And having such a network will mean an electric car drivers can take real road trips — blowing up one of the negative electric car stereotypes. (like being be limited to driving a short distance from your home).
Also DC Fast chargers are important for cab companies and corporates who might have a fleet of electric cars.
As per Bharat DC Charging Specifications,
Power rating of fast chargers are
- 10kW/15kW/30kW/50kW or even higher capacity.
- 48V/72V for Indian electric cars like the Mahindra e2o Plus P8, Mahindra e-Verito and upcoming Tata electric cars
- Up to 750V or even higher used by global electric cars like Nissan Leaf and others
Level 1 DC Chargers
Public DC Chargers at output voltage of 48V / 72V, with power outputs of 10 kW / 15 kW with maximum current of up to 200A.
As per the Bharat EV specs, these will be called Level 1 DC Chargers.
Level 2 DC Chargers
Public DC Chargers at output voltage up to 1000V, with power outputs of 30 kW / 150 kW. These will be called Level 2 DC Chargers.
DC Plug Connectors
There are four or so DC Fast Charging connectors currently being used by electric car manufacturers all over the world.
- CHAdeMO – Nissan and other Japanese companies like Mitsubishi
- SAE Combo Charging System (CCS) – (BMW, GM, VW, and other carmakers)
- Supercharger – Tesla standard connector
- GB/T - BYD among other Chinese companies use this. Mahindra and Tata electric cars also use this standard
Bharat EV Charger DC-001 specifications recommend the China based GB/T connector standard. Also Indian electric cars and electric buses use the GB/T port on the vehicles for DC fast charging.
We feel costs could be a major factor in India opting for GB/T compared to CHAdeMO or CCS. Also because car companies are looking to the Chinese and Asian market to increase car sales, it’s possible that whatever fast charging standard China chooses, will, by weight of numbers, become the world standard.
DC Plug Connectors
The Bharat EV Specifications also discusses about the communications that need to occur between the EVSE and an electric vehicle.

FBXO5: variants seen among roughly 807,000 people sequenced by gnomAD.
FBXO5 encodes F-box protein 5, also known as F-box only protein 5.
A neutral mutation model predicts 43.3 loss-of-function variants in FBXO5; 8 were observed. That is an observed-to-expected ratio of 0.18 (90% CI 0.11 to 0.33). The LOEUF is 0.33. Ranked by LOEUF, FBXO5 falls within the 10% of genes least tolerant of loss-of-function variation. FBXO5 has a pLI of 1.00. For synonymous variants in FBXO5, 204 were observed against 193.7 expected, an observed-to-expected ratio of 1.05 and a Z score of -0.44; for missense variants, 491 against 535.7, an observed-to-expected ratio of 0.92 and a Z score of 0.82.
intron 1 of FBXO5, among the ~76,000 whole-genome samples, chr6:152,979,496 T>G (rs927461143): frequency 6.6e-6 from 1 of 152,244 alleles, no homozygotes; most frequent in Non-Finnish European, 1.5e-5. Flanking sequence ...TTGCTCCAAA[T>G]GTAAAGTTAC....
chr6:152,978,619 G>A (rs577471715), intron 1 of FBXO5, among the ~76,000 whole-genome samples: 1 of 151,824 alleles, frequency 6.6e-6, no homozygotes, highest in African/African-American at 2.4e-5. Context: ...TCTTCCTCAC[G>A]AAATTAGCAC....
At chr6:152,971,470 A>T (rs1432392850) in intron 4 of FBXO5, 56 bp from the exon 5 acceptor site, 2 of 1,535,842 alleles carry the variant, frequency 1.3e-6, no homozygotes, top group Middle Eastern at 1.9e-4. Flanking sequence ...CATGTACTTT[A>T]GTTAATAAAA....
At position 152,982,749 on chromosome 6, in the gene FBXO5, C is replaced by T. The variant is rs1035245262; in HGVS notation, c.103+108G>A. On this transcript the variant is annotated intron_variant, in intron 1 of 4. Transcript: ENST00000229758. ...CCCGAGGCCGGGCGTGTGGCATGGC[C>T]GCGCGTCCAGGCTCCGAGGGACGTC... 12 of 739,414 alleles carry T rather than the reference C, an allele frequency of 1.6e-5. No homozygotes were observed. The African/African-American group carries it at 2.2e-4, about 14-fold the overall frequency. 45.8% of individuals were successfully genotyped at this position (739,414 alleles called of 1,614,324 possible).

Also the communication that needs to happen between the EVSE and a remote server.
- The EVSE needs to communicate with BMS of battery pack in EV, to enable it to charge at right rate for maintaining SOC of batteries. Physical layer for this communication will be CAN, as it is commonly used by vehicle manufacturers in India.
- Communication between EVSE and Central management system (CMS) located at power utility company, so as to enable maximum charging rate to be controlled depending upon the rates of grid supply. This will also enable metering at different rates. This is critical as whenever vehicles consume large currents and grid should be able to supply it. This will also enable reservation of chargers by users.
- The communication protocol used will be OCPP. This will be carried on Internet, using wired media or wireless (Wi Fi or GPRS or 3g/4g wireless).
We list some companies that are working hard to get EVSE's into the Indian market. They are also getting their chargers certified by ARAI, Pune.
A Mumbai based company that has AC and DC chargers. They also have a Bharat EV spec based AC charger.
A Bengaluru based startup that is developing a Made In India AC charger.
A Gurgaon based company that has AC and DC chargers. They won the tender to install around 300 AC chargers in NCR.
- Global players also are venturing into Indian market
We @ PluginIndia will feature these products in our website and YouTube channel soon.
Having multiple charging protocols is a pain point in the electric vehicle industry. The world is spending more money than necessary to support multiple charging protocols. For example, Tesla Motors is spending lots of money building a proprietary charging network that can only be used by owners of Tesla’s automobiles, while at the same time the charging network operators are spending lots of money to build out fast charging for the other protocols.
We don't want the same thing to happen in India. We dont want a Mahindra or a Maruti or a Tata to develop their own standards.
Thus the need for Bharat EV specifications for AC and DC charging.
We commend our government for stepping up and giving direction to the Indian EV industry.
Read ARAI's - Electric vehicle conductive AC charging system